I was raised to see overt racism as unpardonable. One of its most enduring symbols, I was taught, is the Confederate battle flag. According to my influences all the way from childhood to seminary, this flag is the emblem for a racially stratified culture in which everyone knows his or her place. I remember telling a friend just before I began serving an overwhelmingly white congregation in the rural American south that my stomach always churns at the sight of that flag. My friend urged me, if only for the sake of my ministerial sanity, to try to understand the cultural nuances which the flag’s symbolism encompasses. I have to admit that the flag still makes my stomach churn, but I have come to learn that my absolutist rejection of it is often as blind and unquestioning as other people’s embracing.
My own suburban white middle-class culture, which taught my stomach to churn at bigotry, is not clean either. It exploits the Global South in its relentless pursuit of consumerism with only liberal nods toward human dignity. It isolates people from land, community, and soul with its compartmentalized and privatized worldview. It gentrifies neighborhoods and makes up in classism what it lacks in overt bigotry. It is self-righteous about its progressivism, unaware that any stones it might want to throw at previous generations of “ignorance” will be recycled by future generations who will view my own as “backward.” This is not at all to excuse the sinfulness of overt racism – however much Donald Sterling may be the victim of a white-supremacist ideology, racial minorities who suffer at his powerful hands are victims a thousand times over – but I do suggest that people need to work together to confront prejudice. Exiling him from the public forum will just push racism further under the surface. The national dialogue has been reinvigorated since he entered the spotlight, and it will be equally quieted when the news cycle moves on to something else. Donald Sterling, or at least the world that produced him, needs to be involved in this conversation or it will never change. His is a world based on severe blindness and revisionist history. Dialogue and education are the way forward. Silencing and punishing racists does no more to make ours a post-racial society than does the election of an African-American leader. In what Whitlock calls “mob rule” the American media and public have demanded Sterling’s head on a platter and received it in a matter of days.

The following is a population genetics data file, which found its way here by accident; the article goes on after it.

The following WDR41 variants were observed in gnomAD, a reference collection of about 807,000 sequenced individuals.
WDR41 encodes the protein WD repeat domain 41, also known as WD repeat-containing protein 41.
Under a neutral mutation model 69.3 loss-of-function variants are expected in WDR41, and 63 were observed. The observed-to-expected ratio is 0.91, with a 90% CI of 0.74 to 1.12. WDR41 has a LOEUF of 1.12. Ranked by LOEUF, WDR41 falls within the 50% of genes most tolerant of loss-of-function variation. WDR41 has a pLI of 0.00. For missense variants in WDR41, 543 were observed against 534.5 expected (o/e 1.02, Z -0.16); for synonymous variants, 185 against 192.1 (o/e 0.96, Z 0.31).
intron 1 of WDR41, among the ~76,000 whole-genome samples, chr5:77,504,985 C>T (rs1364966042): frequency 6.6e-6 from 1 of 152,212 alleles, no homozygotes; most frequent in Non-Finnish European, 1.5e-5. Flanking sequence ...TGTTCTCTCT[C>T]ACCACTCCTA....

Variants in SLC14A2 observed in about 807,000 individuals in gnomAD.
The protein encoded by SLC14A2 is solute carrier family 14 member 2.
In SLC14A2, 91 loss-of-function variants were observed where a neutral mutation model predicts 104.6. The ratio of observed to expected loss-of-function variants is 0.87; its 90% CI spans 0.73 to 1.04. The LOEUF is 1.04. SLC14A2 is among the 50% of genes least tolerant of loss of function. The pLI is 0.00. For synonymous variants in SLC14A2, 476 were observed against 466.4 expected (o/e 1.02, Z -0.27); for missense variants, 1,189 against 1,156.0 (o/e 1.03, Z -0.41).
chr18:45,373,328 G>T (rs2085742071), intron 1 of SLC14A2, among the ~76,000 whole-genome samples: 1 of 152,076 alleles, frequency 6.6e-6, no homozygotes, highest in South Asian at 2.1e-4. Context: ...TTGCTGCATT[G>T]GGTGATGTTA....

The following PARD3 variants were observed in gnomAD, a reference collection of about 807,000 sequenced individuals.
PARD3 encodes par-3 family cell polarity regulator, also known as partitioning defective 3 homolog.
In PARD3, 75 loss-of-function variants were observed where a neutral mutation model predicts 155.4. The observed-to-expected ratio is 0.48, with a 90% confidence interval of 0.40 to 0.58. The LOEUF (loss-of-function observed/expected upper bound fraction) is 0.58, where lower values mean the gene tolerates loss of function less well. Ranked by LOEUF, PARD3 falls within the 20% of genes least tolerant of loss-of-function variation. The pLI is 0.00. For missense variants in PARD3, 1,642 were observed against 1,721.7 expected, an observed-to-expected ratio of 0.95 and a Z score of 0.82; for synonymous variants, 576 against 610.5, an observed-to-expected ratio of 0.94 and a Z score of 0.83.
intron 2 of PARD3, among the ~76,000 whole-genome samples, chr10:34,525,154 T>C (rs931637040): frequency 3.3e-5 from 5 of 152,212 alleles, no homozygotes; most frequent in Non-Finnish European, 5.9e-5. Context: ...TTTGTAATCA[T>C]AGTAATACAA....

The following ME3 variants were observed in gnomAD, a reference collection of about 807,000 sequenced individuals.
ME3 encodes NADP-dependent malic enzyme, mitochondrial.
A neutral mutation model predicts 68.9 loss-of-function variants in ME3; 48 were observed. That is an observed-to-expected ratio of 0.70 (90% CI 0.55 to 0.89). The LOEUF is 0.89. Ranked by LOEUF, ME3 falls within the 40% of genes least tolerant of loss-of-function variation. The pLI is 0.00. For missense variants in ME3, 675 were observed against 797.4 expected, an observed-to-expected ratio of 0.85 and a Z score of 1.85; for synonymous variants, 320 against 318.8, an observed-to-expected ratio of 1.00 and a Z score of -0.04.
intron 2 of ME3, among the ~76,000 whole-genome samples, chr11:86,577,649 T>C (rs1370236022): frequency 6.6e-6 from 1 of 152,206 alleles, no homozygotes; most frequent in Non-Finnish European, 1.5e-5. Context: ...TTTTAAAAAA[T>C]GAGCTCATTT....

The Christian story is, at a very basic level, one of inclusion. The Church was born on a Pentecost in which people of diverse languages and nationalities were mystically united in one faith. Baptism, according to Paul, overcomes the curse of cultural division along the lines of ethnicity, class, and gender. Perhaps most telling is the subtle inclusion of two political enemies in Jesus’ small band of followers, an inclusion which defies the progressive practice of tolerating everyone but the intolerant. One of the Twelve disciples, a man often called “Simon the Lesser” to distinguish him from Simon Peter, seems to have had the nickname, “the Zealot.” First century Jewish zealots were political radicals who believed that the Romans must be forcefully expelled from Jerusalem and that any Jews who cooperated with their Roman overlords were to be punished swiftly and – according to many – lethally. Perhaps the chief profession associated with this betrayal was tax collection. Simon, from what we know of Zealots, would have been profoundly uncomfortable having a tax collector in his group. Yet Jesus famously dined with tax collectors and even invited one – the namesake for the Gospel of Matthew – to be one of his twelve disciples.
What did Jesus understand that our society does not? Why invite ideological enemies to sit at his feet simultaneously? Only when we are in community together, sincerely engaging one another, can we begin to grasp a mutually-understood Truth. Perhaps expunging Donald Sterling from his position of power will inspire a more honest public discourse. But I fear that silencing his honesty, no matter how ignorant, will only entrench our own latent prejudices and feed the lie that we can atone for society’s racism by sacrificing its most unsightly racists.